Ask the Master Gardener: Curcuma plants can offer a spectacular display
Curcuma is a perennial plant in the ginger family that is native to tropical parts of Asia. Turmeric is also in this family. Although it is in the ginger family it is not edible.
Dear Master Gardener: I purchased a plant called a Curcuma this week. I’ve never seen one before and it didn’t come with instructions on how to care for it. Please advise.
Answer: Curcuma is a perennial plant in the ginger family that is native to tropical parts of Asia — turmeric is also in this family. Although it is in the ginger family it is not edible. You will find Curcuma in the houseplant section of nurseries or big box stores. They produce a spectacular display of purple or pink flowers on tall stems. Place your plant in a window where it will receive bright light and keep it evenly moist. If you let it dry out it will lose its leaves and stop flowering. Fertilize it every two weeks at half-strength during the summer while it is blooming. If you have your plant outside, you will need to bring it in before temperatures drop below 65 degrees, as it is very intolerant of cold temperatures. Because Curcumas are perennial, they will go dormant just like northern perennials. Let your plant rest during the winter. While it is dormant discontinue watering and fertilizing it. In spring, place your dormant plant in a sunny window and water it lightly until green foliage appears.
Answer: Monarch butterflies are probably the most well-known and beloved of all the butterflies. Unfortunately, the monarch butterfly population in North America has declined by about 80% since the mid-1990s due to destruction of habitats, spread of invasive species, widespread use of pesticides and global climate change. In fact, according to the University of Illinois, the yearly count of monarchs decreased by 53% in 2019 from the previous year and this continuous decline can be attributed specifically to a lack of Asclepias (milkweed) for larvae.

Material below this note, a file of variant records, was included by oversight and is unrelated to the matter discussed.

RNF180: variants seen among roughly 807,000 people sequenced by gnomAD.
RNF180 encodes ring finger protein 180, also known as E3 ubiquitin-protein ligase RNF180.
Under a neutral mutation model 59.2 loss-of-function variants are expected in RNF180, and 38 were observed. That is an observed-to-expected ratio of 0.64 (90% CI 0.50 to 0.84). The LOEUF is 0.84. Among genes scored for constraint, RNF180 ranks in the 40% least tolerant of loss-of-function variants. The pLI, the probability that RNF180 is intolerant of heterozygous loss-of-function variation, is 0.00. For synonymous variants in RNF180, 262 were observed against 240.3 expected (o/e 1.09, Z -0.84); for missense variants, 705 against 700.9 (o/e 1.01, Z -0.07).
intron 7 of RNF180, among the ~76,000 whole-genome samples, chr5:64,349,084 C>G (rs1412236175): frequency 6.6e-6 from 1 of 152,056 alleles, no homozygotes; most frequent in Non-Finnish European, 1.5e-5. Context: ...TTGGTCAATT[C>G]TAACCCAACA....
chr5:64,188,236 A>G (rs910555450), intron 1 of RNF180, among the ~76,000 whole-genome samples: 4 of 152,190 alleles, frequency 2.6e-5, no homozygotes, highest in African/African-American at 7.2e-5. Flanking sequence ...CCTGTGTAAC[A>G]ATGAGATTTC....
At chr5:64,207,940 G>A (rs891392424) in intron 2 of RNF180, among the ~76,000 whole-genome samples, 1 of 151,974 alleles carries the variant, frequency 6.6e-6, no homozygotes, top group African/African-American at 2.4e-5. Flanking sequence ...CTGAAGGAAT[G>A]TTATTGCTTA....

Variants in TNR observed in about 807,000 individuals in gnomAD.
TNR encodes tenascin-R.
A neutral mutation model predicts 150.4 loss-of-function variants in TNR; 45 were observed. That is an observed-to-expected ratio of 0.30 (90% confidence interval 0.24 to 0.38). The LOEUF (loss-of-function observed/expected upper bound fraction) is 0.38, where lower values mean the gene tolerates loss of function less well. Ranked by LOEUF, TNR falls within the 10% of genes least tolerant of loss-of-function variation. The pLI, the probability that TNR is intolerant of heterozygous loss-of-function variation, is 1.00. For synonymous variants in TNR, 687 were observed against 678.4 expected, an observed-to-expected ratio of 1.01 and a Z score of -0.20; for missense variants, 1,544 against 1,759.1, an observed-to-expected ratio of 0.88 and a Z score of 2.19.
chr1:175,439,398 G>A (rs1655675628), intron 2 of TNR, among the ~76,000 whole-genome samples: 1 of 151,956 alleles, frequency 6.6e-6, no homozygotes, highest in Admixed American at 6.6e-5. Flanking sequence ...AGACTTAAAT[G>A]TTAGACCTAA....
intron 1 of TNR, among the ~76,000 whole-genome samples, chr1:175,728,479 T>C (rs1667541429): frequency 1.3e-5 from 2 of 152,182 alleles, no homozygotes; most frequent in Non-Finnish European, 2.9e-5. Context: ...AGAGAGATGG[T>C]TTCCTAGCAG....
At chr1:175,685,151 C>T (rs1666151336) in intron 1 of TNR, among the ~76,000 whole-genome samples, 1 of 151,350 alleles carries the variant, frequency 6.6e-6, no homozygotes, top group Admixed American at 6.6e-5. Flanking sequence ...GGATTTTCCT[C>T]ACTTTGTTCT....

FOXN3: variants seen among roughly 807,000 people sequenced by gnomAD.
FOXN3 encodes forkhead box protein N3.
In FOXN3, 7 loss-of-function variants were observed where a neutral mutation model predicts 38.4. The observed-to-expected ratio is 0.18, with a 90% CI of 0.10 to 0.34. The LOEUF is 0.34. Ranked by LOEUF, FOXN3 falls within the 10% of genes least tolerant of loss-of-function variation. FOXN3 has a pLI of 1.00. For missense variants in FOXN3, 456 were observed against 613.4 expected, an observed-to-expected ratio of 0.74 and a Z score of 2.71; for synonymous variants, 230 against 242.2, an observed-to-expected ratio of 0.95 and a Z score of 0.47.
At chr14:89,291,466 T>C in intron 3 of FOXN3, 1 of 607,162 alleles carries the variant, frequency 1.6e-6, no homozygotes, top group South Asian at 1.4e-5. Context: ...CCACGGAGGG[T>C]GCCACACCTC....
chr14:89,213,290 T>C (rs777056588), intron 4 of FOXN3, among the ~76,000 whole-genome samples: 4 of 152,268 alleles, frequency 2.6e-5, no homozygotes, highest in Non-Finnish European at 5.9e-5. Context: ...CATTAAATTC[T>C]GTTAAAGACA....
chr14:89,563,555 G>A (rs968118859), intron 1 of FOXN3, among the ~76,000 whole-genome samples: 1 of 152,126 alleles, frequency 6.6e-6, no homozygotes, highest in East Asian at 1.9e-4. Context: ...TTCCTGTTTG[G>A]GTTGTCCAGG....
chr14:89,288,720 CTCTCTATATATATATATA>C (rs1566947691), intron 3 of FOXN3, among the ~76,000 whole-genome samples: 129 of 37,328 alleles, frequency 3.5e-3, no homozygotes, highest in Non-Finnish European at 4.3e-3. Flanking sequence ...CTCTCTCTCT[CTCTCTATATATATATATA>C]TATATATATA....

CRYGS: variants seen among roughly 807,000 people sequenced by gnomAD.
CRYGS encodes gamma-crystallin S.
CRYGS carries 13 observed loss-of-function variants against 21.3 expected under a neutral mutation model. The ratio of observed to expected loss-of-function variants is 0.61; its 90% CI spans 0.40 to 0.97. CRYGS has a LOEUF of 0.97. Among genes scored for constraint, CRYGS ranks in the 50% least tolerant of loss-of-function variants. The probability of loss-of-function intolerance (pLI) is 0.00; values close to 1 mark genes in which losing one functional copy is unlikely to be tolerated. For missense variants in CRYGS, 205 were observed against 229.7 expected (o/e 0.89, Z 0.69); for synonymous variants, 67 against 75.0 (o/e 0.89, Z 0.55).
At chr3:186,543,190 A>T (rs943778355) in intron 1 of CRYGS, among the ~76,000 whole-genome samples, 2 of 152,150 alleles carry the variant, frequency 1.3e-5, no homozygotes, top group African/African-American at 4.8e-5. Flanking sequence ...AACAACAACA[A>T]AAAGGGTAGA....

Try to include some Asclepias in your garden. Every added milkweed plant will help! And, one of the most important conservation decisions we can all make is to avoid the use of broad-spectrum pesticides sprayed around the yard.
Answer: Yes! You can plant lettuce and other salad greens such as arugula, spinach, and kale. Bush beans, turnips, and radishes can also be planted.
Dear Master Gardener: I’ve got some pretty flowers this year I’d like to show at the Crow Wing County Fair. What do I have to do to enter?
Answer: The Crow Wing County Fair starts Aug. 3 and runs through Aug. 7. Entry day to bring your flower, vegetable, and grain exhibits to the Horticulture Building is 11 a.m.-6 p.m. Monday, Aug. 2, though 4 p.m. is the cutoff time if you haven’t pre-registered. Judging begins at 6:30 p.m. so ribbons will be attached when the fair opens Tuesday morning. Blue Ribbon first place pays $4, Red Ribbon second place gets $3, and White Ribbon third place receives $2. There is also a separate Youth Category for kids under 16.
You may enter cut flowers, potted plants, container gardens, hanging plants, hostas, herbs, floral arrangements, fruits, vegetables, grains, etc. Just be sure to read, and re-read carefully exactly what is needed for your specimen to be judged. Sometimes multiple stems or blooms are required — even a perfect flower won’t be judged if there were supposed to be three of them. Get out your ruler, too — many categories are by size and a flower or hosta in the wrong size category won’t be judged either.
There are a few hints to help you be successful. First of all, pick all your flowers the night before and condition them by placing them in a solution that is 1 gallon warm water with 1 tablespoon vinegar, 1 tablespoon sugar, and 1 teaspoon bleach added. Place the freshly cut flowers in the warm solution, then keep them in a cool, dark place until it’s time to go. For some magical reason, this makes the specimens stay fresher for judging and they look better for days, even when the Horticulture Building gets really hot.
Don’t wait until the last minute to bring your entries, it’s usually pretty hectic. Make sure you attach your official entry tag which will be waiting for you in the Horticulture Building. Brainerd Garden Club members will be there to help you and will get your entry placed in the correct spot.
Get a copy of the 2021 Crow Wing County Fair handbook, or go online to crowwingcountyfair.com and look under the Events tab. Page 70 is the start of the Department 90 rules and regulations for horticultural exhibits. The link for entering online is also under the Events tab. Look through the whole booklet though — you might want to exhibit lots of other things or enter the Demo Derby!